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    The gear all survived just fine. Even the laptop, which I'd consider the most susceptible to the vibration, did just fine. I'm typing on it as we speak. The LaCie hard drives are pretty indestructible too.

    Where is that photo?

    Gregor
  6. franki

    franki NB Rider

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    Great, now I want to know how you attached the box to the bike. :D

    The road of death, Tibet, May 2009. We are going to ride this road again this year and hope to make it through and over to Nepal.

    Franki
  7. GSGIRL

    GSGIRL Neither here nor there

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    This was a great ride report with stunning photos. Thank you. Newfoundland was one of the most amazing places I have ever been. Just stunning!
  8. mike anderson

    mike anderson Been here awhile

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    nice report good pic's
  9. ChubbyThumper

    ChubbyThumper Been here awhile

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    Really enjoyed your report, still subscribed. 1 question .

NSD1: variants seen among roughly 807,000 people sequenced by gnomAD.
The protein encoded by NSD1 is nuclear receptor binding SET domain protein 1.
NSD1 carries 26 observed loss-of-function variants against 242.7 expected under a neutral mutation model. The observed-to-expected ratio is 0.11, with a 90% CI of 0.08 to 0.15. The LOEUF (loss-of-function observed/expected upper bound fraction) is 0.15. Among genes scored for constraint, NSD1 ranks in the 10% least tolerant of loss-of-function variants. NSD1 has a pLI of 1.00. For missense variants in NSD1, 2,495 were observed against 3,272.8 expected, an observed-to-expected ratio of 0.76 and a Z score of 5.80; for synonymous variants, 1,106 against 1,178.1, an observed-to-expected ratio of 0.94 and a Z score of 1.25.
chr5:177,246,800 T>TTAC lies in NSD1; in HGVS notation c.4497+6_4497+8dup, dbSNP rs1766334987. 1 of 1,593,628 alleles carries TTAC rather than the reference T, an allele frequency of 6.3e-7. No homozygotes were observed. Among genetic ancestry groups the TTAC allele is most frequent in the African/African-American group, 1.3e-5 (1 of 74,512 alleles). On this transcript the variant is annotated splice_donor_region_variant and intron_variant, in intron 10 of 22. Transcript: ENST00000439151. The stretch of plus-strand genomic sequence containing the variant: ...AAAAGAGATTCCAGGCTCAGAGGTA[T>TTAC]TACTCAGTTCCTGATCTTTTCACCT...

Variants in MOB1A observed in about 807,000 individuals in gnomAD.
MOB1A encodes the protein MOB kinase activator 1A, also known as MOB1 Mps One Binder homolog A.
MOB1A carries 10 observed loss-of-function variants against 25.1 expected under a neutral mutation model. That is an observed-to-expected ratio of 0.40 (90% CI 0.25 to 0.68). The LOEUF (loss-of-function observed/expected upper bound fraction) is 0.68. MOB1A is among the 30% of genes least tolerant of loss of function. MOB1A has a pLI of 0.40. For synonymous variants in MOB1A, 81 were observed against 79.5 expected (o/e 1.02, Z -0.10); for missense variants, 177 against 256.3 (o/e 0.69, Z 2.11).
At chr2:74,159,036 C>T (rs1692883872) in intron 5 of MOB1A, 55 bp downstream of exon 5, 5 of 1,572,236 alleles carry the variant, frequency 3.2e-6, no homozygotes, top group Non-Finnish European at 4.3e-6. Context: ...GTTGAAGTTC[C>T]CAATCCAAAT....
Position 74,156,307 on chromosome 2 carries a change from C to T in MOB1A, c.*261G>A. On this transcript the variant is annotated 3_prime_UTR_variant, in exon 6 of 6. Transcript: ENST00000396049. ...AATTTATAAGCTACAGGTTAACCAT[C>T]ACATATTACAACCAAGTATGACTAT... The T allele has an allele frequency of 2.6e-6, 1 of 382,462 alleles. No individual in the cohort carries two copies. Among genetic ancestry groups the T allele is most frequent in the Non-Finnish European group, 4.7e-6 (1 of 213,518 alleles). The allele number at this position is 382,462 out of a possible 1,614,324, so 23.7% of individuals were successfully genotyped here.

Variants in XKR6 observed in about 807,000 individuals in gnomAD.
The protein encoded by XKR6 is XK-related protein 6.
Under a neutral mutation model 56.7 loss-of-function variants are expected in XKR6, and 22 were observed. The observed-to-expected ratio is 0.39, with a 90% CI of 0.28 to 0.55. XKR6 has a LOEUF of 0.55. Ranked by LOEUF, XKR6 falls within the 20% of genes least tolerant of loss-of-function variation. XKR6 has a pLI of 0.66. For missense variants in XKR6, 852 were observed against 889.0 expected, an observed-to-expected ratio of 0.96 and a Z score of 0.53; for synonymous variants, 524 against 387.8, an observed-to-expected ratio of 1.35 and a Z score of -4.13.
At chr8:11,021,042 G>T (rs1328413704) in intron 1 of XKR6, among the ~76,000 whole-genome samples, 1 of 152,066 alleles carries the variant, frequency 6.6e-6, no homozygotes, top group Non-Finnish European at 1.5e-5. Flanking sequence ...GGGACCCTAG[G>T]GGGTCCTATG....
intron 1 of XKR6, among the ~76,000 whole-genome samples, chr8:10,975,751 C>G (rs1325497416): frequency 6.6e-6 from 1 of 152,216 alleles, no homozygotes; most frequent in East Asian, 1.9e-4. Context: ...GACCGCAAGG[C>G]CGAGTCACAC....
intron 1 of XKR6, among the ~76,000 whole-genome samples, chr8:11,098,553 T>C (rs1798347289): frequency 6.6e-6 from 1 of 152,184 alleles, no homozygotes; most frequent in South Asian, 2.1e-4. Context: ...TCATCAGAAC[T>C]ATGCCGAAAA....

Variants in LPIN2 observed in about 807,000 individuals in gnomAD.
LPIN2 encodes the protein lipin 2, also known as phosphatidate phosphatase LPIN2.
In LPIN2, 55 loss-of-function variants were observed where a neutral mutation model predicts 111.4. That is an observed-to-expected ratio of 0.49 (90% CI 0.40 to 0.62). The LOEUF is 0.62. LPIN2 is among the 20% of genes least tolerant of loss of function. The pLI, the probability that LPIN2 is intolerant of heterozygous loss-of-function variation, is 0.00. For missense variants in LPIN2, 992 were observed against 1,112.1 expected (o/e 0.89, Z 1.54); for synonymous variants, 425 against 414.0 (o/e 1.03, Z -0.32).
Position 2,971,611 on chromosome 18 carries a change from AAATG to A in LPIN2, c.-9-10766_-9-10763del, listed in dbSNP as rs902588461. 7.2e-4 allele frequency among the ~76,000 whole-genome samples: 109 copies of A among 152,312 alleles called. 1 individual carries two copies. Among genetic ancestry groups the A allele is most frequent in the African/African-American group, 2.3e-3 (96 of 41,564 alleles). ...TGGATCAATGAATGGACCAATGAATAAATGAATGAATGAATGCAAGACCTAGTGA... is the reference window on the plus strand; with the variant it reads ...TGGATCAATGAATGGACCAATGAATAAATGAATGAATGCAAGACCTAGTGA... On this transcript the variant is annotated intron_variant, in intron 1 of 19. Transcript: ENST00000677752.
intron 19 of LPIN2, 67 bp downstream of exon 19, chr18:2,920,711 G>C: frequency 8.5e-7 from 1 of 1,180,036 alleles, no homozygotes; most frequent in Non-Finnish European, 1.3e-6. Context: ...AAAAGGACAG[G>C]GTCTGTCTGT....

It looks and sounds in some of the clips like you rode with the baffles out of the Akras. I have the same set up on my 950 but find the noise too much on a long trip. How did you and more importantly Judiann cope with the sound?
  10. sakurama

    sakurama on an endless build

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    They're Wings which I think are a bit mellower than the Akra's but we ride with ear plugs and I never rev the engine or ride in an irresponsible way. :evil
  11. Scoop

    Scoop runs with scissors

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    Gregor, as I said before, this is a great report. As others have said, the photography is as much a part of the report as the trip was. This thread has been instrumental in my renewed interest in photography.
    Just out of interest, can you explain the process/equipment used to produce the stop motion video of the ferry on page 3?
    Thanks
    Bill
  12. sakurama

    sakurama on an endless build

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    Hi Bill,